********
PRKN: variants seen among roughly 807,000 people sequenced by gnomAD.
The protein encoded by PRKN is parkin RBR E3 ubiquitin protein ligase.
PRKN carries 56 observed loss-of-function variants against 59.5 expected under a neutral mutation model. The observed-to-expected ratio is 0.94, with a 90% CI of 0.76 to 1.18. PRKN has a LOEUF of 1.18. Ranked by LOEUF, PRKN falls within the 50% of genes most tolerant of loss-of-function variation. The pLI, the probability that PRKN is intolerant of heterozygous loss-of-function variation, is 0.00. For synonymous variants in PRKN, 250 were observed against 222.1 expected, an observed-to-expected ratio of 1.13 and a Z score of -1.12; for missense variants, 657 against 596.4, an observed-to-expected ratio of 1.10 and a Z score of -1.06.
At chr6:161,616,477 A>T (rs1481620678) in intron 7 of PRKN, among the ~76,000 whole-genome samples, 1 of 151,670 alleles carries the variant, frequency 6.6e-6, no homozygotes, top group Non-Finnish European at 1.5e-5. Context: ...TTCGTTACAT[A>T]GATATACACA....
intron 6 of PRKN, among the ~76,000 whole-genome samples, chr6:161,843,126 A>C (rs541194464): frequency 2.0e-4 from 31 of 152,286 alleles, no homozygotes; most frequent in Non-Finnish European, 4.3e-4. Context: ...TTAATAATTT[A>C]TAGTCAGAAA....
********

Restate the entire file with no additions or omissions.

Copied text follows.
PRKN: variants seen among roughly 807,000 people sequenced by gnomAD.
The protein encoded by PRKN is parkin RBR E3 ubiquitin protein ligase.
PRKN carries 56 observed loss-of-function variants against 59.5 expected under a neutral mutation model. The observed-to-expected ratio is 0.94, with a 90% CI of 0.76 to 1.18. PRKN has a LOEUF of 1.18. Ranked by LOEUF, PRKN falls within the 50% of genes most tolerant of loss-of-function variation. The pLI, the probability that PRKN is intolerant of heterozygous loss-of-function variation, is 0.00. For synonymous variants in PRKN, 250 were observed against 222.1 expected, an observed-to-expected ratio of 1.13 and a Z score of -1.12; for missense variants, 657 against 596.4, an observed-to-expected ratio of 1.10 and a Z score of -1.06.
At chr6:161,616,477 A>T (rs1481620678) in intron 7 of PRKN, among the ~76,000 whole-genome samples, 1 of 151,670 alleles carries the variant, frequency 6.6e-6, no homozygotes, top group Non-Finnish European at 1.5e-5. Context: ...TTCGTTACAT[A>T]GATATACACA....
intron 6 of PRKN, among the ~76,000 whole-genome samples, chr6:161,843,126 A>C (rs541194464): frequency 2.0e-4 from 31 of 152,286 alleles, no homozygotes; most frequent in Non-Finnish European, 4.3e-4. Context: ...TTAATAATTT[A>C]TAGTCAGAAA....